Written by Staff Writer
22 Dec, 2013 | 7:42 pm
US scientists have performed a dramatic reversal of the ageing process in animal studies.
They used a chemical to rejuvenate muscle in mice and said it was the equivalent of transforming a 60-year-old’s muscle to that of a 20-year-old – but muscle strength did not improve.
Their study, in the journal Cell, identified an entirely new mechanism of ageing and then reversed it.Other researchers said it was an “exciting finding”.
Ageing is considered a one-way street, but now researchers at Harvard Medical School have shown that some aspects can be reversed.
Their research focused on a chemical called NAD. Its levels naturally drop in all cells of the body with age.
The team showed this disrupted the function of the cell’s in-built powerstations, mitochondria, leading to lower energy production and ageing.Experiments showed that boosting NAD levels, by giving mice a chemical which they naturally convert into NAD, could reverse the sands of time.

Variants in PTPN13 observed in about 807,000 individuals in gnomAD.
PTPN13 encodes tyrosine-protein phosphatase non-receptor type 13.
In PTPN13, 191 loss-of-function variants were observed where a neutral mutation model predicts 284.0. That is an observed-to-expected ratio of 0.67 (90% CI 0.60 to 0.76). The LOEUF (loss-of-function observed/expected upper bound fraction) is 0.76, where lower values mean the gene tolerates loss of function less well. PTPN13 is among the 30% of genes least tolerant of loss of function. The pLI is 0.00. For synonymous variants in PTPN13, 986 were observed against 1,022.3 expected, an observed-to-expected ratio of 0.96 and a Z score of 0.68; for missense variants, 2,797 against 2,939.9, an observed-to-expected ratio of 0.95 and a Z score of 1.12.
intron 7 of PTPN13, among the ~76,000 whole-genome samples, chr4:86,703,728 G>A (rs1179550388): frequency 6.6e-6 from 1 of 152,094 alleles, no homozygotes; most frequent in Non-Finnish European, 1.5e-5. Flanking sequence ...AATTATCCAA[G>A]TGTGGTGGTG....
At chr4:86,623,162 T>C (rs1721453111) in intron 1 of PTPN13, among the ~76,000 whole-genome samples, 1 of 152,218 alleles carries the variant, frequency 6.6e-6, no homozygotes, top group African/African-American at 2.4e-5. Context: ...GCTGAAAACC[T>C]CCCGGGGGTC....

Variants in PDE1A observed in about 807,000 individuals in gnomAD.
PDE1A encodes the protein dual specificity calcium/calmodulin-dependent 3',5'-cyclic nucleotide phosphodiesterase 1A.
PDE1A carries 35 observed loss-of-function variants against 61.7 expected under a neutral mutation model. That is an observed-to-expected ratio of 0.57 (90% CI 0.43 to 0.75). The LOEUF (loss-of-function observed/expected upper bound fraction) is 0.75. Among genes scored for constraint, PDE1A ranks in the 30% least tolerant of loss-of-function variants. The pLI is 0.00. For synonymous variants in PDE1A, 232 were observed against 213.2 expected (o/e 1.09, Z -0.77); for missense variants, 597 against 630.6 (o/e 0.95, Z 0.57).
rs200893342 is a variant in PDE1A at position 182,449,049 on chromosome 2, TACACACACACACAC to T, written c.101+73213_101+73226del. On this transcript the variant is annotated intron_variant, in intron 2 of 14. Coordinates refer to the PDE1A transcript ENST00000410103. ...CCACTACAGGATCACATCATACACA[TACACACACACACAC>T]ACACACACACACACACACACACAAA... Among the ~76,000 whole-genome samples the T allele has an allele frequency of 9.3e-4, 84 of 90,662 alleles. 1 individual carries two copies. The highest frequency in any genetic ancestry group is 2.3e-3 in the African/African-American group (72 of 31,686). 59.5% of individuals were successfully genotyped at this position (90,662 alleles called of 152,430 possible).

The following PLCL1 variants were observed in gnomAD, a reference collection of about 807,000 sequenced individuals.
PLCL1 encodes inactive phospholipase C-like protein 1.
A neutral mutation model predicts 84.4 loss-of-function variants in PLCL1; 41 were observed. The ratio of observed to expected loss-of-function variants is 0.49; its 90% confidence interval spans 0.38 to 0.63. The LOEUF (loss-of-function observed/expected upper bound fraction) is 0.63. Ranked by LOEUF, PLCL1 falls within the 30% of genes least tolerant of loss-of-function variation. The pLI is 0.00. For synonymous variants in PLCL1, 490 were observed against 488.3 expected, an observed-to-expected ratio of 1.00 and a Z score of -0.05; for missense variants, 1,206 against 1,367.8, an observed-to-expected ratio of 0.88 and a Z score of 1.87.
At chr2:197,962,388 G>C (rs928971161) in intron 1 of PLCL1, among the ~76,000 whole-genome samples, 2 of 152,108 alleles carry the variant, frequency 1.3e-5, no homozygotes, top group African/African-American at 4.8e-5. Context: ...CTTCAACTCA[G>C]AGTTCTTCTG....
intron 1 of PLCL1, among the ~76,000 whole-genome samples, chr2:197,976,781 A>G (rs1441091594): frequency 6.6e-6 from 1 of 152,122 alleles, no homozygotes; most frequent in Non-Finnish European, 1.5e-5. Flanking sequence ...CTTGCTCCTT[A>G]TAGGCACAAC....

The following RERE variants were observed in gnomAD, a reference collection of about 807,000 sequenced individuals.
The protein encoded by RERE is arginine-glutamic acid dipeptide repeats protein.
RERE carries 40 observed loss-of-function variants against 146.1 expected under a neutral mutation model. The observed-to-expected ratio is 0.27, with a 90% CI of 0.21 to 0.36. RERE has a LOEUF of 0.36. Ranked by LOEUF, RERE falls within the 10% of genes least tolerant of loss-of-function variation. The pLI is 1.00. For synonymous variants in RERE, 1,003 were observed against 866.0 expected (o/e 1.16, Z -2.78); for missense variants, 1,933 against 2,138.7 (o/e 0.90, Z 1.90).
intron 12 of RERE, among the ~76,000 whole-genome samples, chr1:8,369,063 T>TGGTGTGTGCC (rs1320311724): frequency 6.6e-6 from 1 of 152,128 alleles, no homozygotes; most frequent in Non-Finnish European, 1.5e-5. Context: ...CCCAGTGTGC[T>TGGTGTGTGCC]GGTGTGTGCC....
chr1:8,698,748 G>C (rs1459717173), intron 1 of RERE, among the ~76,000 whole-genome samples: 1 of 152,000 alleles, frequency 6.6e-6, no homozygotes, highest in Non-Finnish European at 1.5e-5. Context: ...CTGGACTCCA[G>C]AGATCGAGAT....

One week of youth-medication in two-year-old mice meant their muscles became akin to those of a six-month-old in terms of mitochondrial function, muscle wastage, inflammation and insulin resistance.
Dr Ana Gomes, from the department of genetics at Harvard Medical School, said: “We believe this is quite an important finding.”
She argues muscle strength may return with a longer course of treatment.
However, this could never be a cure-all for ageing. Other aspects such as shortening of telomeres or damage to DNA would not be reversed.
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